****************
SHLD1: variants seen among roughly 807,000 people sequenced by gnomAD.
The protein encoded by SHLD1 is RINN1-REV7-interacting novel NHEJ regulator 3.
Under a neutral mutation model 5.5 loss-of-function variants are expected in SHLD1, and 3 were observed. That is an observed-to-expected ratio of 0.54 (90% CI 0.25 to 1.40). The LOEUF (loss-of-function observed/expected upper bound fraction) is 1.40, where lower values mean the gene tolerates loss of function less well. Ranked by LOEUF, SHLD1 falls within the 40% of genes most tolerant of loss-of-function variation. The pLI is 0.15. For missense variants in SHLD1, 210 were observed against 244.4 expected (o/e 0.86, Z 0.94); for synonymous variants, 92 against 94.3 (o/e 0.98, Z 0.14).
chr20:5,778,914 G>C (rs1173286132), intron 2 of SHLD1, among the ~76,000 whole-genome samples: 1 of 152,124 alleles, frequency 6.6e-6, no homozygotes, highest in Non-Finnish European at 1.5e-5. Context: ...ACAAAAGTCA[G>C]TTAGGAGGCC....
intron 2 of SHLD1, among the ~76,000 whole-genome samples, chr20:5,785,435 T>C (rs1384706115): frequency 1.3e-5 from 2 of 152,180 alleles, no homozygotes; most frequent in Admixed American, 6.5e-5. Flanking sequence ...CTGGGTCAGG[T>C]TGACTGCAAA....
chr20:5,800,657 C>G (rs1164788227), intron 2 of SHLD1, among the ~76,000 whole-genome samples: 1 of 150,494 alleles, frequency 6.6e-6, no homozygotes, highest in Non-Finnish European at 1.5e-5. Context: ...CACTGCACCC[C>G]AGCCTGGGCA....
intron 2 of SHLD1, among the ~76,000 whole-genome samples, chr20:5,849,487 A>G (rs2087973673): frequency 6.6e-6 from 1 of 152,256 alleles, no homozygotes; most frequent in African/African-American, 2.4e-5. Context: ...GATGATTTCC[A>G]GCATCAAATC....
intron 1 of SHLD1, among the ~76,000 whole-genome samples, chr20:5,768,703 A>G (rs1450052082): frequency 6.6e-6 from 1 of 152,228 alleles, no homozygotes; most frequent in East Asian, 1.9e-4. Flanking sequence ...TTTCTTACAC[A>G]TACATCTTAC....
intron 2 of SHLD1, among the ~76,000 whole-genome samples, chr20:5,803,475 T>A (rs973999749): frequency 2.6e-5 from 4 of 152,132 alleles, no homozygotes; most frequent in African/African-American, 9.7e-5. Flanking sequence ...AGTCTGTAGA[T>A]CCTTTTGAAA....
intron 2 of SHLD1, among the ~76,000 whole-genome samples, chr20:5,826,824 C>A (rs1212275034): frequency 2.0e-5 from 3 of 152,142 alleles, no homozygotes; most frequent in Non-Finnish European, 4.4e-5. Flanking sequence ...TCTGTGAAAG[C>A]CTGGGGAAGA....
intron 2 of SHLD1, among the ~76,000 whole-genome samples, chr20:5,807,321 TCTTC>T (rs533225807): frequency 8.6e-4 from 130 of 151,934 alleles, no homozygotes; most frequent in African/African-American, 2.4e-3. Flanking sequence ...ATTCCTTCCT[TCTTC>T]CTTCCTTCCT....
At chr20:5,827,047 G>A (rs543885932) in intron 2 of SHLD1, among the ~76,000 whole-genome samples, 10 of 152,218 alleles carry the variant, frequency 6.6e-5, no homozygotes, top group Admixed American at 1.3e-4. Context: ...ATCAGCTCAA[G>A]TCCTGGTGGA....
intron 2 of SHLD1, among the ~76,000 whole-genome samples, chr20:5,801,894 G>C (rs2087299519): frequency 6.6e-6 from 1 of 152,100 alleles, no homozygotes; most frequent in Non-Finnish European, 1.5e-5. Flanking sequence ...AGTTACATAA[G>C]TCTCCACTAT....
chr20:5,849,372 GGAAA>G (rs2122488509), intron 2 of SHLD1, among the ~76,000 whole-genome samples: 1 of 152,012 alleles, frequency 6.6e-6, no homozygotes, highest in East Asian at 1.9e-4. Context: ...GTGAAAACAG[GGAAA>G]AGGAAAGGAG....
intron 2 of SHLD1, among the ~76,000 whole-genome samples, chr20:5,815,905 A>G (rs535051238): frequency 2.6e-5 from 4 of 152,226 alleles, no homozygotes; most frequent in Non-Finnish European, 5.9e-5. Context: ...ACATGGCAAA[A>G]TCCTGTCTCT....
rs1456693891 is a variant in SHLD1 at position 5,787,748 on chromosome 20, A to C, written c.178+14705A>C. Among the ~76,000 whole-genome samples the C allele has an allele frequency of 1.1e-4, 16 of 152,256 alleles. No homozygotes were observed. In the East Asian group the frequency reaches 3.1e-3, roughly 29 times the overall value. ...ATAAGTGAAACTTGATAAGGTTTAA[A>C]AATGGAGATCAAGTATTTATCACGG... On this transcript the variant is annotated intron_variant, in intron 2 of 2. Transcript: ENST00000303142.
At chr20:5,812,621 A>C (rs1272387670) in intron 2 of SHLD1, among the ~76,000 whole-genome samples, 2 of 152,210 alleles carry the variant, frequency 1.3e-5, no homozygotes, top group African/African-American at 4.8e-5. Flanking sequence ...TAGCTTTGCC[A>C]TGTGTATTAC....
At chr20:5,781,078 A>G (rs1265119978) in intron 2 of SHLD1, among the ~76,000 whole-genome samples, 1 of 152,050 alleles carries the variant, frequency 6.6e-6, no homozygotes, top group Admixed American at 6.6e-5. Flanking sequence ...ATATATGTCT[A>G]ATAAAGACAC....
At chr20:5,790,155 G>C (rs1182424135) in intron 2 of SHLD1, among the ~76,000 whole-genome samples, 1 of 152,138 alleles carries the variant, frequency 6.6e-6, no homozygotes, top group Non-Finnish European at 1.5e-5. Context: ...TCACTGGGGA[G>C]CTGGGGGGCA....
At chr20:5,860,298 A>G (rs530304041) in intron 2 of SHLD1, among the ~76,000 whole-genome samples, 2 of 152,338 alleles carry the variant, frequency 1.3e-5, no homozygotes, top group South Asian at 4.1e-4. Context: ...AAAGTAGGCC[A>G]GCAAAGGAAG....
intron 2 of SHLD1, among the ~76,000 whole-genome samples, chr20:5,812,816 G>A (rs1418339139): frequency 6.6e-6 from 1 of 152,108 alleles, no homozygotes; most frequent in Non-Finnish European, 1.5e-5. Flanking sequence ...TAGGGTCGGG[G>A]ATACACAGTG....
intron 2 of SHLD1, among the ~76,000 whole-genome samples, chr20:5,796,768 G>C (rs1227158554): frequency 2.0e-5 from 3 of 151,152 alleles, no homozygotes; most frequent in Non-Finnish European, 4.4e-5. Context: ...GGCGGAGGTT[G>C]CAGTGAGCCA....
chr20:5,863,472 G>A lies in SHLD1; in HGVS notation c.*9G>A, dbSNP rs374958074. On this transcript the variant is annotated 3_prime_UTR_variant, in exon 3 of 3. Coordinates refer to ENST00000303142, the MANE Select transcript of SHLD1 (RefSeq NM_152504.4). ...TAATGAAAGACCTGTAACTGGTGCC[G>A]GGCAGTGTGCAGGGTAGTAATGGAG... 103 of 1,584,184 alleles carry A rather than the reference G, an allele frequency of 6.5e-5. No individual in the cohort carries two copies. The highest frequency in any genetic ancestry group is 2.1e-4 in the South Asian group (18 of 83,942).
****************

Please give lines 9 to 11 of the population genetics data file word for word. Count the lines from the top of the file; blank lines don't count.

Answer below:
intron 2 of SHLD1, among the ~76,000 whole-genome samples, chr20:5,803,475 T>A (rs973999749): frequency 2.6e-5 from 4 of 152,132 alleles, no homozygotes; most frequent in African/African-American, 9.7e-5. Flanking sequence ...AGTCTGTAGA[T>A]CCTTTTGAAA....
intron 2 of SHLD1, among the ~76,000 whole-genome samples, chr20:5,826,824 C>A (rs1212275034): frequency 2.0e-5 from 3 of 152,142 alleles, no homozygotes; most frequent in Non-Finnish European, 4.4e-5. Flanking sequence ...TCTGTGAAAG[C>A]CTGGGGAAGA....
intron 2 of SHLD1, among the ~76,000 whole-genome samples, chr20:5,807,321 TCTTC>T (rs533225807): frequency 8.6e-4 from 130 of 151,934 alleles, no homozygotes; most frequent in African/African-American, 2.4e-3. Flanking sequence ...ATTCCTTCCT[TCTTC>T]CTTCCTTCCT....